This is a controversial practice. I know it can be triggering for some people. Even those who aren’t triggered can get wrapped around the axle with the inevitable daily fluctuations: overreacting to a higher number by restricting calories beyond what is healthy, or even going on a food bender as reward for a “good” result. I’ve learned, gradually and still imperfectly, to look at the forest rather than the trees. What does that mean? It means I take the measurement most mornings, but I kinda blur my eyes mentally, if that makes sense. I pause before I even step on the scale to get myself in a neutral, detached place. I try to see the number as one indicator among many, and not even the most important one at that. How I’m feeling, what else is going on in my life, where I am in my menstrual cycle, how much stress I’m experiencing and where I’m carrying it physically—all of of these are more important than weight. I’m not always successful at keeping this perspective, but I find it essential to try. I saw it written some time ago, “Your best weight is whatever weight you reach when you’re living the healthiest life you actually enjoy.” I couldn’t agree more, which for me means holding lightly the number on the scale as just that—a number.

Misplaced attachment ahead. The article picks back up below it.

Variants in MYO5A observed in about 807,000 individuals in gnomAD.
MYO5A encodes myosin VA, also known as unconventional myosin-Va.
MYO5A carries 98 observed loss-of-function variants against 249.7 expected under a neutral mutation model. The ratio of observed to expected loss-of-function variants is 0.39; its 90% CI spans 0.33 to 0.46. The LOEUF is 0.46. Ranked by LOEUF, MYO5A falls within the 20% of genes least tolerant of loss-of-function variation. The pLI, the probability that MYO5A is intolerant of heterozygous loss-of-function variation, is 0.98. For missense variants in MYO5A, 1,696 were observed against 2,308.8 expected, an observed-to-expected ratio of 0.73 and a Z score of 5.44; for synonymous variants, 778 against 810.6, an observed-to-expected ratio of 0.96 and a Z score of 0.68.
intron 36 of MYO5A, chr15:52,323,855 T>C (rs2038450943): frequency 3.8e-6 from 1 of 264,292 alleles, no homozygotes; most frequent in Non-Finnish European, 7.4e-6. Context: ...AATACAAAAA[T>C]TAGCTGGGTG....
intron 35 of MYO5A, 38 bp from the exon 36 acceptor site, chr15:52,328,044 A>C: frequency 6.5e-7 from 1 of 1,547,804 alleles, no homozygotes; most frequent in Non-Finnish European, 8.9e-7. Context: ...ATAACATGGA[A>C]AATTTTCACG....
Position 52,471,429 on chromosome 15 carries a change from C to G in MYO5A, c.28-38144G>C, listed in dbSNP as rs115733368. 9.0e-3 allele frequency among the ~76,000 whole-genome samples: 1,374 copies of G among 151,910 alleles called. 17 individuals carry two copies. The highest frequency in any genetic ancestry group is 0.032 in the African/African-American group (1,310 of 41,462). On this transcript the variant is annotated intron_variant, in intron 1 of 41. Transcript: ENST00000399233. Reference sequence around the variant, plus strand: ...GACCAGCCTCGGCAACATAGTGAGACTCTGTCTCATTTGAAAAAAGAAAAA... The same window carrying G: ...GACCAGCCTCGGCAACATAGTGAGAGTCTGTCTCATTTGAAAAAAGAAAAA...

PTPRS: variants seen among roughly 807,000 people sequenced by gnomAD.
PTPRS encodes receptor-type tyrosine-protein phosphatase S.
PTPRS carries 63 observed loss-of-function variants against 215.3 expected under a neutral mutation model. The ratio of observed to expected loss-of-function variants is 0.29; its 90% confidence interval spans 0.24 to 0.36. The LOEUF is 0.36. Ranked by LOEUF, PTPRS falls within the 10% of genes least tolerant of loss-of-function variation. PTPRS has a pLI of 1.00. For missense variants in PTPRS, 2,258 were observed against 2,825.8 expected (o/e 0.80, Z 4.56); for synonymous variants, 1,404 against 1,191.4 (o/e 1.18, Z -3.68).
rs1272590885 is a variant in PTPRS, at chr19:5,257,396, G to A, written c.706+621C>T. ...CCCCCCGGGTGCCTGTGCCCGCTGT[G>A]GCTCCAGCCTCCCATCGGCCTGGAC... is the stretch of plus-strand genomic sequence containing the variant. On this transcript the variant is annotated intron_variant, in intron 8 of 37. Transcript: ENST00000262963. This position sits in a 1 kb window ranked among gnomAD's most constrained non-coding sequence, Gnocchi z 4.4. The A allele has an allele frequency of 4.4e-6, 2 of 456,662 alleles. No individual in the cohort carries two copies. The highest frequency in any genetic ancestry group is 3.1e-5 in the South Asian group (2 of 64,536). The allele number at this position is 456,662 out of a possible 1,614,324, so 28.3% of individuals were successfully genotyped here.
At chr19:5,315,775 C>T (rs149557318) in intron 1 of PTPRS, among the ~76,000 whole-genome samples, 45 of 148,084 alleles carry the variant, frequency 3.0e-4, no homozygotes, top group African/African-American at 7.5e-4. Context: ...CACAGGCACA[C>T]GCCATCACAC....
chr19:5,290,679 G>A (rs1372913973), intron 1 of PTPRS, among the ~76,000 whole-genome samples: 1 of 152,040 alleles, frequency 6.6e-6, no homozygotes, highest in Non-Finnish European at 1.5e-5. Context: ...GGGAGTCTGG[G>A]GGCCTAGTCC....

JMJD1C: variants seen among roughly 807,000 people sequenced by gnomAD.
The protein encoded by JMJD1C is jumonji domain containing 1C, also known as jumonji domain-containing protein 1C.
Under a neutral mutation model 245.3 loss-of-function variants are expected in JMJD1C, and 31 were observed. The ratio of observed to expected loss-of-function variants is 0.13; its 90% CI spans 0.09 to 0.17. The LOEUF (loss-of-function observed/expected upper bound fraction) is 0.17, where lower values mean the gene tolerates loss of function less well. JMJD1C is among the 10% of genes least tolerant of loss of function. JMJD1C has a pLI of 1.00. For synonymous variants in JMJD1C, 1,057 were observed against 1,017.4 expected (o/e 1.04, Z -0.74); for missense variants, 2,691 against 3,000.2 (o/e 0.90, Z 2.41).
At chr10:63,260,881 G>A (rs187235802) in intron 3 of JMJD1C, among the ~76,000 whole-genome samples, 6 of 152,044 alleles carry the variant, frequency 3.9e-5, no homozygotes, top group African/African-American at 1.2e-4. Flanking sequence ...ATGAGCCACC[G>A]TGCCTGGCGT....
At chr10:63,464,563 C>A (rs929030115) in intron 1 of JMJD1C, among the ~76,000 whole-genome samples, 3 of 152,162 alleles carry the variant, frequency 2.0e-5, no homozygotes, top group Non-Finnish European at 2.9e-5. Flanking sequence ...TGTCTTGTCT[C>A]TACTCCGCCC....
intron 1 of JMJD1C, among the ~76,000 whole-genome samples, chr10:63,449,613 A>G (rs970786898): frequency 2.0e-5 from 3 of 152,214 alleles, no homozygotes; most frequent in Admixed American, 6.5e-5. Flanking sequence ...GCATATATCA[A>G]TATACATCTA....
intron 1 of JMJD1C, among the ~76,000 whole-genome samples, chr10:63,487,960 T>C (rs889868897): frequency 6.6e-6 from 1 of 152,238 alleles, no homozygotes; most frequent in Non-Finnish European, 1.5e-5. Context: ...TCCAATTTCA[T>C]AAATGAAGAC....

Anyway, lately my weight has been slowly trending down, which at this stage is what I want it to do. But this brings me to the point of my post. The app I use allows me to see the trend line over various periods of time: a week, a month, two months, etc. Here’s what I see when I look at the three-month view:

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A pretty good trajectory, eh?

By contrast, here’s the the year-long view: